Monday, March 29, 2021

Early Spring On The Homestead

Hello, friends.  Last week, I got several of the storage butternut squash, peeled and cut them up.  Seeds were saved.  I made squash crumble, and froze bags for two more.  This winter, I was introduced to a new to me kitchen tool, a Kuhn Rikon peeler, which has made peeling winter squash considerably easier, and I no longer have to worry about cutting myself, cutting through thick skin with a knife. When it arrived, I was surprised by how small it was, but it does a fantastic job, and doesn't waste any squash, unlike my usual peeling with a knife.  I learned of it from a chef who shared his favorite kitchen tools.  The squash peelings went into the broth bag.  Butter beans were pulled from the freezer to have with it, and a broccoli salad was made.  Pretty pear and peach blossoms are opening, and the violets and pulmonaria have also begun blooming.

Soup was made using up leftovers.  J put all the partially done compost in the wheel barrow to dry out for a couple of days.  I then sifted it and got around 5 gals, which he spread in the asparagus bed.  We continue collecting warm up water, and use it for flushing and in the woodstove humidifier.  While packing orders and wrapping soap, I enjoyed listening to podcasts.  Tomato rice loaf was made, with peas and a salad.  Most of the winter greens are bolting in the garden.  I harvested the last of the cabbage, and started a small batch of sauerkraut.  The first of the tomatoes are sprouting, three Brandywines so far.  After delivering soap, I went by a thrift store, and bought a lavender cashmere sweater for $3, and a canister for $4.  I drilled holes in the canister, cut a carbon filter, and listed it in my shop.

I transplanted 14 wintersown spinach seedlings into a raised bed.  I also planted a few of the wintersown lettuce, but they came up very thick, and most were too fragile to make it.  I've left the top off the container, so they'll hopefully harden off a bit. Looking through the freezer, I noticed how many bags of grated tromboncino squash there were.  J is avoiding cheese at the moment, which made it a bit tough to find a recipe, but I found a zucchini potato bake to make.  I used the grated squash in place of sliced, and it turned out fine.  I'm beginning to see anole lizards, skinks and frogs on the homestead.  The frogs are making quite a chorus at the pond.  With the leftover squash/potato bake, I made corn on the cob I'd frozen, and we finished the broccoli salad.

J finished putting up the last of insulation and sheetrock in the workshop.  We took out all the leftover insulation and sheetrock, then I cleaned up and swept before mudding the sheetrock where needed.  J requested pasta with olives, and parsley was harvested for it.  On Sunday, my intention was to begin picking up sticks and limbs from the yard, but I started weeding first, which kept me busy for several hours.  Oh well, it all needs to happen.  After that, I cleaned the refrigerator, which sorely needed doing.  I opened a jar of home canned crowder peas, to have with jasmine rice and cauliflower for dinner.  Over the weekend, my sister and I planned an adventure in a few weeks, and I'm pretty excited about it.  It's very nice to have something to look forward to.  Wishing you a most lovely week.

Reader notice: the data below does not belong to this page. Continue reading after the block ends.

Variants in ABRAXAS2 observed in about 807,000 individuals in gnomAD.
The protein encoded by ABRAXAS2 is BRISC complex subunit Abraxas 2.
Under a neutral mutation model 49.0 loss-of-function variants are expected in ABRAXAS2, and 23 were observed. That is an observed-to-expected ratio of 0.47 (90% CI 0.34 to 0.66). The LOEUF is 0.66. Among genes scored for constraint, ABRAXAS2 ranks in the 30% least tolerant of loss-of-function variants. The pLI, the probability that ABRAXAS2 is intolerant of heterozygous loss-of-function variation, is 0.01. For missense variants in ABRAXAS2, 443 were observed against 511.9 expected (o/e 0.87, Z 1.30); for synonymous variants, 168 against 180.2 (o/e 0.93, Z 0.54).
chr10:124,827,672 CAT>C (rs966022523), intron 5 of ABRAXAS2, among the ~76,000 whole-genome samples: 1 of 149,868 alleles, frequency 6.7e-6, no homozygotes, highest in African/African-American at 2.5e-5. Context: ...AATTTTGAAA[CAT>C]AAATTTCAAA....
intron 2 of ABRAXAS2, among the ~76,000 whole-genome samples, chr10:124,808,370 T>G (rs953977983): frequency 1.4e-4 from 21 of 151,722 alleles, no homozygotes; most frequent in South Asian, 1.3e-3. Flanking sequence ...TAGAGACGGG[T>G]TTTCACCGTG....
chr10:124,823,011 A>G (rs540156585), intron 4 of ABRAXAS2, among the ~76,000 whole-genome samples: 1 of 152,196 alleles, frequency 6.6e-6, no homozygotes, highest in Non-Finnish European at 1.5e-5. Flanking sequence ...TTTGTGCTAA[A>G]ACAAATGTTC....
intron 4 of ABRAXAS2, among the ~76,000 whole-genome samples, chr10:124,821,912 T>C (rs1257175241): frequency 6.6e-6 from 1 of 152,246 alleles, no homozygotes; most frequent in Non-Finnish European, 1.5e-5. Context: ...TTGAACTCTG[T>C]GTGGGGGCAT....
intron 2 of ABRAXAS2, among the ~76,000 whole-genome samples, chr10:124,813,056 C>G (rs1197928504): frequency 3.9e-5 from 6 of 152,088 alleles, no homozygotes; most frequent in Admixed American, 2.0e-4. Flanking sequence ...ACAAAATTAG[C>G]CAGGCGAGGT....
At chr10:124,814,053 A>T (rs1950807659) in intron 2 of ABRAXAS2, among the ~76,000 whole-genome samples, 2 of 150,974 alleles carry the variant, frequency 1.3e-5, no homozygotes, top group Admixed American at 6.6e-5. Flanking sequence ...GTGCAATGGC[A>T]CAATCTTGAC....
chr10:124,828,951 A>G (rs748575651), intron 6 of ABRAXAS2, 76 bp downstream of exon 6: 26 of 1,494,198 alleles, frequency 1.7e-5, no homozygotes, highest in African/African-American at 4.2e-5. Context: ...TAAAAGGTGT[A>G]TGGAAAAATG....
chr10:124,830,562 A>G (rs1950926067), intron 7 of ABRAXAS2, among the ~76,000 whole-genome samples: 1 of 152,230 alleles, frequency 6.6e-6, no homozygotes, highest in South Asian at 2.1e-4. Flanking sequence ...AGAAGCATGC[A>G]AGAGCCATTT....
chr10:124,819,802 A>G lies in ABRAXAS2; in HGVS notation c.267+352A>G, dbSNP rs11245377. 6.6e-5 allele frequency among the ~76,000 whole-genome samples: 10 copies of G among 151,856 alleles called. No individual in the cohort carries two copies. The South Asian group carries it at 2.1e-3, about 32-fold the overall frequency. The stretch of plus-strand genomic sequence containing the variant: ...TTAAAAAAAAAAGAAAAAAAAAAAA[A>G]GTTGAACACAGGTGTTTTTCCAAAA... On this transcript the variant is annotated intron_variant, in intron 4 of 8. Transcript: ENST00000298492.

daisy g said...

Another busy week.
Hitting the thrift stores is a favorite treat here too, but we haven't been venturing out too much, so we'll have something to look forward to. Glad you found some bargains.

I need a new peeler. The one we have is not easy to use, and I plan to eat a lot of butternut squash over the next few months! Thanks for the link.

My seedling are woefully lanky, as I don't have ideal growing conditions indoors, but perhaps they'll recover. I'm looking forward to direct sowing this weekend, after this last blast of cold comes through later in the week.

Spring has sprung, Laurie! Enjoy!

Laurie said...

I think you'll be very pleased with the peeler. Our conditions for growing seeds are less than ideal as well. The tool truck box as a mini greenhouse worked well last year, and hopefully will again. I do hope this will be the last below freezing temps we'll see, so we can get on with planting.

Michèle Hastings said...

I bought a Kuhn peeler this Winter as well. It is definitely a game changer for peeling butternut squash. I only bought one and plan to order a multi-pack the next time.
Can you share your tomato rice loaf recipe? I am trying to incorporate more meatless meals throughout the week.

Laurie said...

I will share the recipe. I may put it in a blog post, so I can find it if I lose it :o).

Jeannie said...

I took your advice, clicked on your link and bought the Kuhn peeler. It should arrive in a few days and I will let you know how it goes.

Laurie said...

Please do let me know. I don't get excited about many kitchen tools, but this is one of them.

Jeannie said...

The Kuhn peeler arrived and I have been having fun; well, as much fun as you can have peeling carrots and potatoes. Last night I had to give it a try and was quite impressed. It was easy to work and my fingers didn't cramp like with a paring knife. I like that the peels are thin and so saves on the amount of vegetable that is discarded. The next test will be to see how long the blade stays sharp since it can't be sharpened like my knives.
This is a winner.

Laurie said...

It sounds like you're enjoying yours as much as I am. I wondered how long they would last too, but they are quite inexpensive to replace. Next time, I'm going to get the 3-pack. Yes, I love that they don't cause any waste, unlike me with a knife.